Often when we go through periods of personal growth, we lose some of our ‘old’ friends along the way.

It may be that they just not understand where you are going and they want the ‘old you’ back. Which is not possible, because you cannot (and don’t want to go) back to who you were. These friendships fall away.

It might be that suddenly you don’t feel a connection with a certain friend or friends group anymore. You cannot share what is most important to you with them, and their life is so different from yours that it takes more energy than it gives you.


Another scenario is that even with friends who are on a different path, you continue to be friends. Even with all your differences, because you keep supporting each other, honoring each others beliefs and where you are. You support each other as people, unconditionally.

These friendships are very special and can last a lifetime because they’re not dependent on where you are and what you are doing at a particular moment.

But that is not what this article is about. This article is about the vacuum that sometimes exist when old friends don’t fit anymore.

Often there is an in-between space where old friends have fallen away but new friends aren’t there yet. Trust me, new friends are coming but that can take a while. In the meantime you can feel lonely and unsupported.

Here are 3 ways you can deal with that:

1) Remember it is temporary

Remember this picture that goes around on Facebook:


When one door closes, another one opens. The in-between can take a bit of time but it will happen. The more peaceful you are about it, the easier you can attract new people (because no-one wants to be friends with someone who is desparately clinging to you out of loneliness). The happier you are with yourself, the more people will want to be around you.

2) honor your grief

When a relationship or friendship ends, when a job ends, when you moveā€¦ any change can cause a grieving process. Allow this to happen, allow any feelings that come up and treat yourself very well during this time. Become your own best friend for now.

The fact that a friendship has ended doesn’t mean it wasn’t valuable. Honor the times you’ve had, the fun and support you’ve experienced and then lovingly let go, knowing that whatever it was that you were meant to give each other has been given.

Acknowledge your feelings, allow yourself to feel them, give yourself a hug and treat yourself on a nice cup of tea, a massage or something else that represents self-care for you. My favorite is to roll up on my couch under my blanket with hearts with a fresh huge cup of tea and my favorite show on Netflix :-)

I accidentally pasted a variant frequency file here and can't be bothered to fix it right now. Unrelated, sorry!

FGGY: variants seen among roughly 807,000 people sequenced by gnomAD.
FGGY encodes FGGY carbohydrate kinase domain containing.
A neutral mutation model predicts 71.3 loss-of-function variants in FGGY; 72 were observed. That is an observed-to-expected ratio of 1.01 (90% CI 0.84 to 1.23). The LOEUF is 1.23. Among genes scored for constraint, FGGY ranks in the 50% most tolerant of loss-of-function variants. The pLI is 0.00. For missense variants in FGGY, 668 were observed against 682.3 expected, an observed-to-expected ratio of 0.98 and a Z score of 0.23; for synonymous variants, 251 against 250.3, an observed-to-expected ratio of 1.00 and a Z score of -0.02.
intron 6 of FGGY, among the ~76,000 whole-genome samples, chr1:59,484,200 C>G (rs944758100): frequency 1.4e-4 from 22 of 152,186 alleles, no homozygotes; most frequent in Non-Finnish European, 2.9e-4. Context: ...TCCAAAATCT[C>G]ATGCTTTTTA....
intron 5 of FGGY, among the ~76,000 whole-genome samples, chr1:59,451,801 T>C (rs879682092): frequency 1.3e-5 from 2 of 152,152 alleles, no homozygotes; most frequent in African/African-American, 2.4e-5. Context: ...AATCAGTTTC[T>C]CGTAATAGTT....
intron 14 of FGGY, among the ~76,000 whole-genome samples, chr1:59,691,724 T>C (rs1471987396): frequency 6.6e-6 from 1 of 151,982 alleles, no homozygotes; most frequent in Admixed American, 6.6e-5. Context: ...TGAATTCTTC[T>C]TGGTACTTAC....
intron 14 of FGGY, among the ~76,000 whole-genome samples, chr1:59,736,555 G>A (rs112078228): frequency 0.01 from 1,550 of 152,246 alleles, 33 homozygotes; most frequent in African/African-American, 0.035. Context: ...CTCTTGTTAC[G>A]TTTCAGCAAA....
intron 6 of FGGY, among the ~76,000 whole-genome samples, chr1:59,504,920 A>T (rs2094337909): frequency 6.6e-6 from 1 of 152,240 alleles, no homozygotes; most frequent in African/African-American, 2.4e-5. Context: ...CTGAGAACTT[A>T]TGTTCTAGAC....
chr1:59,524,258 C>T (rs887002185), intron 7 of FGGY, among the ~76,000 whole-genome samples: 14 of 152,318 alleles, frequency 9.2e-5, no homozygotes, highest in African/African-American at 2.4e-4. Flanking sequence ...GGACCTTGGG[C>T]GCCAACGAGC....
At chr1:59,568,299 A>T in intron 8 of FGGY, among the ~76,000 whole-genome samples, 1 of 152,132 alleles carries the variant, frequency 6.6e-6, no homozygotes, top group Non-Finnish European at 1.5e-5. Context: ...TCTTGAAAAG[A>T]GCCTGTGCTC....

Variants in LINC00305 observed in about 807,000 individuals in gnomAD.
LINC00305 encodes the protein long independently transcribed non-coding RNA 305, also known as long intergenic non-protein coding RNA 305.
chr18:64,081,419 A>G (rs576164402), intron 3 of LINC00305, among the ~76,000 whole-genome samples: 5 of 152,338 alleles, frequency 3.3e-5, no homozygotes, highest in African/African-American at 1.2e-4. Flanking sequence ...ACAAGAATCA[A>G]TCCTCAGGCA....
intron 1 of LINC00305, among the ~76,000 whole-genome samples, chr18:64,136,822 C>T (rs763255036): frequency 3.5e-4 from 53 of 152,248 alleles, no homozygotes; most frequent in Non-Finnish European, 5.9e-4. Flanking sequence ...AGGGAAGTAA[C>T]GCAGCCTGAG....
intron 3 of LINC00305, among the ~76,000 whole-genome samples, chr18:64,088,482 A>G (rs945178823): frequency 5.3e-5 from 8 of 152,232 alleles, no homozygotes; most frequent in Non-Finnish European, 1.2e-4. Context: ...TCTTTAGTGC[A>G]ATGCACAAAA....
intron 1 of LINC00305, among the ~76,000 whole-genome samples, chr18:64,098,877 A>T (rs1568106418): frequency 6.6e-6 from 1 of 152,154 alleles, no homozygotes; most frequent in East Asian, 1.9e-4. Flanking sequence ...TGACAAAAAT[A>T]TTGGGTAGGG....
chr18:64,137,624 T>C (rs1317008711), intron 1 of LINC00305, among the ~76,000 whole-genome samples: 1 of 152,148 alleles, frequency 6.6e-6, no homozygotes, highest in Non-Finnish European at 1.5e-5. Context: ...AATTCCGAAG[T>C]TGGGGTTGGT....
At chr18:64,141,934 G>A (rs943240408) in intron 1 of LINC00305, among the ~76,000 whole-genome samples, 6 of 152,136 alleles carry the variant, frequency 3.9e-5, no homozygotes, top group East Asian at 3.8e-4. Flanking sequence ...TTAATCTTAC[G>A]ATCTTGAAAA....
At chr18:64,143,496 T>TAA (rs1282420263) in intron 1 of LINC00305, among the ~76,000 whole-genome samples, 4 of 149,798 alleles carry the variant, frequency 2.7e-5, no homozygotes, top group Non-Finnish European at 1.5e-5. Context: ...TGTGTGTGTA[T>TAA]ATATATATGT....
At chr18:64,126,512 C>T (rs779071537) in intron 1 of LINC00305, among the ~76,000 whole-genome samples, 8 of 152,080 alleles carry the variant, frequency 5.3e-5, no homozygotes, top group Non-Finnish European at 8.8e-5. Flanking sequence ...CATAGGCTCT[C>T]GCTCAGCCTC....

3) Open for new connections

Once your grieving feels somewhat finished, start to look for ways to meet new people. Workshops, seminars, meditation groups etc are great for meeting like-minded and like-hearted people (here’s one if you’re interested!).

And even online there’s a lot possible. Often there are Facebook groups created for courses etc where you can chat with your fellow participants.


My best friends have come from these workshops and seminars, both offline and online. I found that a friendship doesn’t have to be in person to be valuable. When you can text, email or skype someone at any time to discuss what is important to you, that is absolutely amazing.

Remember, you are now creating friendships based on interests and where your heart is instead of on history. Friends from high school, college etc are friends that you sort of bump into because you happen to be in the same class. They may or may not share your beliefs (and that’s okay). However, now you can consciously choose to engage with people who share your beliefs and views of the world. This gives a different kind of friendship. Both kinds are valuable.

4) Trust the right timing

Trust that you will meet the right people at the right time. Sometimes important people come into your life without you even looking for it.

If you find this difficult, explore what it is that you are most looking for. Is it a feeling of support? Is it a healing of loneliness? Is it to have fun? See if you can discover what it is that is most important to you. What it is that you feel you are missing. Then give that to yourself. You can use my inner child meditation to help you with that (click here).

When you have given to yourself what you most need, you can then connect with others on a whole new level.

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